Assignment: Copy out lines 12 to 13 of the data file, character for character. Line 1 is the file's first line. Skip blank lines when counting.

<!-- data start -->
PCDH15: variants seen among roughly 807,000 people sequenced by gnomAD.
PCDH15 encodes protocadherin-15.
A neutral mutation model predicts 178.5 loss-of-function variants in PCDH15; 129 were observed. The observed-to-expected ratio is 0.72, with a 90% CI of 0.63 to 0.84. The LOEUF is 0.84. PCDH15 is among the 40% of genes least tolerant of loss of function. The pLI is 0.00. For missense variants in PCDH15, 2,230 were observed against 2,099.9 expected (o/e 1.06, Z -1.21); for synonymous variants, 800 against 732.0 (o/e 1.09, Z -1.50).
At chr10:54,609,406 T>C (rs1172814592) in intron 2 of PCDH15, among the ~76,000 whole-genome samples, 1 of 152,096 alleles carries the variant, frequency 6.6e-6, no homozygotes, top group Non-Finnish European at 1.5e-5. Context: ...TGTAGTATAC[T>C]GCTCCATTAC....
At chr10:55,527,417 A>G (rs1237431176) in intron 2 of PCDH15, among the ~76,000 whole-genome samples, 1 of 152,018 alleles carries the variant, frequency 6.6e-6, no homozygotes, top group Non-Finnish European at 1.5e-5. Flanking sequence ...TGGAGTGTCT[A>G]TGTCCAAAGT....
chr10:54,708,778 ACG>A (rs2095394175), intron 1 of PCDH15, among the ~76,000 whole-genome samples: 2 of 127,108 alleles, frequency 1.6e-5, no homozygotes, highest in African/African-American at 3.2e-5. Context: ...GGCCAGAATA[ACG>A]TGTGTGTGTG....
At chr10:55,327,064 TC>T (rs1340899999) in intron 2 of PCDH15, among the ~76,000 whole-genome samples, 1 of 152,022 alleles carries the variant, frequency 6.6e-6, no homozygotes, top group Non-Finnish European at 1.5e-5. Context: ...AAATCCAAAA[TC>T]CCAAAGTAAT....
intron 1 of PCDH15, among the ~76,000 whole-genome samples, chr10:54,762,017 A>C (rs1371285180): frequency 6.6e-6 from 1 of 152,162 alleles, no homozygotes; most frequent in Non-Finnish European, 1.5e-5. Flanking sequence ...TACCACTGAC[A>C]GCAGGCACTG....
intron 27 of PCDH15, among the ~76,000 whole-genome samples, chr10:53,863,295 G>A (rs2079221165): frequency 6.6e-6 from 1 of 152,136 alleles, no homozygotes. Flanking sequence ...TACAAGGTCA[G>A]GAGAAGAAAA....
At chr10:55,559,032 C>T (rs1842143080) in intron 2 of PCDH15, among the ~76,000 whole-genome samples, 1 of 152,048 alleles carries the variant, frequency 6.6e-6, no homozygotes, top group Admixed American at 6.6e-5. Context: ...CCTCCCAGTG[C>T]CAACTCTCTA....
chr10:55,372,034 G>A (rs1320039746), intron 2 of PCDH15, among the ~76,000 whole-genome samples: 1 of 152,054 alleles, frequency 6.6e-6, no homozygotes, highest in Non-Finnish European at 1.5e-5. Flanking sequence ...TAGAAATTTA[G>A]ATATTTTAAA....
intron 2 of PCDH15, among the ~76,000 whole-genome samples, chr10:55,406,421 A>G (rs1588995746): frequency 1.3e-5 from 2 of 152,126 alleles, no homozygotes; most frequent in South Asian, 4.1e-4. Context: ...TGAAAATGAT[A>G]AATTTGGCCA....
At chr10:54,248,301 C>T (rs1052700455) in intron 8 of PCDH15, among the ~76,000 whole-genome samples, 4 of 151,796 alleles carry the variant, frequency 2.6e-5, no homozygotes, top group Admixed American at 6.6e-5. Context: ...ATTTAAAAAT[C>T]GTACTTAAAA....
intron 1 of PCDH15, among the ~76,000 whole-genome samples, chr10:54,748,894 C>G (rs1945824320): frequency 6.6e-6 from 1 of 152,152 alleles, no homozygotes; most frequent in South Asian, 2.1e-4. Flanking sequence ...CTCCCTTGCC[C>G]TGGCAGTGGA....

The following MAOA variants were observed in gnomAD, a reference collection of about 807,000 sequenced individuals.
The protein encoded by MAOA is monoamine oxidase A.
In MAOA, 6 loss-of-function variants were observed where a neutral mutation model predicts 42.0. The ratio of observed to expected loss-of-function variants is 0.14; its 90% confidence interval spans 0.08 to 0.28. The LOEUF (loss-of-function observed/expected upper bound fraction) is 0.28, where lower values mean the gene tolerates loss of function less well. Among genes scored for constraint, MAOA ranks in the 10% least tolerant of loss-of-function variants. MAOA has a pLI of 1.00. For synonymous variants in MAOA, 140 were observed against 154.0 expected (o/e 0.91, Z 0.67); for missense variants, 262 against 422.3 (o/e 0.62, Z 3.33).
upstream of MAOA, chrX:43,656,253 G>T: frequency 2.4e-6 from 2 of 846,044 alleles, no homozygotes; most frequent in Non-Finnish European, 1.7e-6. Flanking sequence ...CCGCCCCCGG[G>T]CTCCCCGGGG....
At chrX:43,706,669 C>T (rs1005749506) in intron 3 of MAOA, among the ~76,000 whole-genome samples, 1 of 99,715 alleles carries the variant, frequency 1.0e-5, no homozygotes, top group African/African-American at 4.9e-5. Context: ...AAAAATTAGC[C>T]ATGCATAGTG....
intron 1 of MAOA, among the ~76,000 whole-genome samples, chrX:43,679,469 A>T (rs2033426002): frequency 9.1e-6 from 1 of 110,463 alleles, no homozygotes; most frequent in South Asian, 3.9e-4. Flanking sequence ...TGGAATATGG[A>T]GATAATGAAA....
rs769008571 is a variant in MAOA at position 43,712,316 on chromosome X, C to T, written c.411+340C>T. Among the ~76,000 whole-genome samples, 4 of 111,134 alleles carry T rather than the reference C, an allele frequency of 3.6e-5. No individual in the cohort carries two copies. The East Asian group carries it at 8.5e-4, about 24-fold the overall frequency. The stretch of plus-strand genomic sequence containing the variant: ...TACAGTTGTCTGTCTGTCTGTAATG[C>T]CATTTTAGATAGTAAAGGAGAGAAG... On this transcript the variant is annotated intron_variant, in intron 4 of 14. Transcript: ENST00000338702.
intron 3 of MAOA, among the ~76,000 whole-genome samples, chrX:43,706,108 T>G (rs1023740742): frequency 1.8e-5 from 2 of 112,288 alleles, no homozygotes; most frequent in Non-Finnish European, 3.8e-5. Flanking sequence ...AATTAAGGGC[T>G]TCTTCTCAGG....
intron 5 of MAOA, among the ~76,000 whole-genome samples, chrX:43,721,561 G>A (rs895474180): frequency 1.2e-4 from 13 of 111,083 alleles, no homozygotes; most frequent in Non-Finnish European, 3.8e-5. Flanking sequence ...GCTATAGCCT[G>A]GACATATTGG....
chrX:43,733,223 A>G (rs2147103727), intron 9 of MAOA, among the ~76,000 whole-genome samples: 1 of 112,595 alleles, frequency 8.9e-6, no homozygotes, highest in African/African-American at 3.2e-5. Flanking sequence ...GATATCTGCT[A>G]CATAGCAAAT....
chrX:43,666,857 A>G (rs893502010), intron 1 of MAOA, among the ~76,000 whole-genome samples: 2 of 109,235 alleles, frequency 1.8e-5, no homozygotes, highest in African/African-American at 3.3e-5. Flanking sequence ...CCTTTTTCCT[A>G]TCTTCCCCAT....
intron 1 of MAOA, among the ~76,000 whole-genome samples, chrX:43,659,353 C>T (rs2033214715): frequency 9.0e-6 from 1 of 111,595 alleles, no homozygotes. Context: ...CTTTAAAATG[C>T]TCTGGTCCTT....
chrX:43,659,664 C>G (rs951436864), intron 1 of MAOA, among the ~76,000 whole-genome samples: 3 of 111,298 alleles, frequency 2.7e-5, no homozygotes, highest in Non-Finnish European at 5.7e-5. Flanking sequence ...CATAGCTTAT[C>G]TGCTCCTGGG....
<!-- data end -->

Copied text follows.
intron 2 of PCDH15, among the ~76,000 whole-genome samples, chr10:55,406,421 A>G (rs1588995746): frequency 1.3e-5 from 2 of 152,126 alleles, no homozygotes; most frequent in South Asian, 4.1e-4. Context: ...TGAAAATGAT[A>G]AATTTGGCCA....
At chr10:54,248,301 C>T (rs1052700455) in intron 8 of PCDH15, among the ~76,000 whole-genome samples, 4 of 151,796 alleles carry the variant, frequency 2.6e-5, no homozygotes, top group Admixed American at 6.6e-5. Context: ...ATTTAAAAAT[C>T]GTACTTAAAA....